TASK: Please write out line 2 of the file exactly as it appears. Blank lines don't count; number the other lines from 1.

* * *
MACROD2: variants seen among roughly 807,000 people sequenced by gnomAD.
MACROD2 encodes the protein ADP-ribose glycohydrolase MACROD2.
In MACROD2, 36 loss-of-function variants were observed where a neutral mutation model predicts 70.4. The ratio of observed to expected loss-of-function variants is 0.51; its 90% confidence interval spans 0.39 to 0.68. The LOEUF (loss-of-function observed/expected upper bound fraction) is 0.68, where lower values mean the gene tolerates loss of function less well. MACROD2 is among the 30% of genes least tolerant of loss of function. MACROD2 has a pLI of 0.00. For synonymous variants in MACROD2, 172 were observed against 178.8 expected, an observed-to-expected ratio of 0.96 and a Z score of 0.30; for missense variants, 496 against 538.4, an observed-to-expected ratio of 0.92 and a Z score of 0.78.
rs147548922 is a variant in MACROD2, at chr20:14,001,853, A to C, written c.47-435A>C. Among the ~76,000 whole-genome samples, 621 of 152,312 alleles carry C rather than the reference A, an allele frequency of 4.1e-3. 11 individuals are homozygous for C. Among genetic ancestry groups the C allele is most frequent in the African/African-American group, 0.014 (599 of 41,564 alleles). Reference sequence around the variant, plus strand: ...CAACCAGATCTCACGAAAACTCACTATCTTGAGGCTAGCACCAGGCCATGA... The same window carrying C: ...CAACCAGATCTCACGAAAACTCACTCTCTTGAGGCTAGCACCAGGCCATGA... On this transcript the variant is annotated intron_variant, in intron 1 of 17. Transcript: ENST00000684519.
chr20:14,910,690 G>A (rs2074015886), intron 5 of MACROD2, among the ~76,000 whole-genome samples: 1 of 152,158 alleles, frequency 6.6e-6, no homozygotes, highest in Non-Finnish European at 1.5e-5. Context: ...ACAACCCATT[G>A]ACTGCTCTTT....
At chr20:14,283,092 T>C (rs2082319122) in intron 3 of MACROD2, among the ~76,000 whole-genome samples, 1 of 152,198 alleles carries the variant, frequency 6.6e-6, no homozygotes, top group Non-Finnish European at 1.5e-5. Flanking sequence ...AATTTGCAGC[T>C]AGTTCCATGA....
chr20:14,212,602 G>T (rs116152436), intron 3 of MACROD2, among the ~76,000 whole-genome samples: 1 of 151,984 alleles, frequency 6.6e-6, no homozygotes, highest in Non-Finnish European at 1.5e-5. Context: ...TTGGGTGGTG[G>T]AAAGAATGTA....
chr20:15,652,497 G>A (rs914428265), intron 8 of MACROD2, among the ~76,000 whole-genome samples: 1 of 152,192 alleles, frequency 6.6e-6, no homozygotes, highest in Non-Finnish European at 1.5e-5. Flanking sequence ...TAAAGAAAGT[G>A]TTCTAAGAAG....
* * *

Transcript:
MACROD2 encodes the protein ADP-ribose glycohydrolase MACROD2.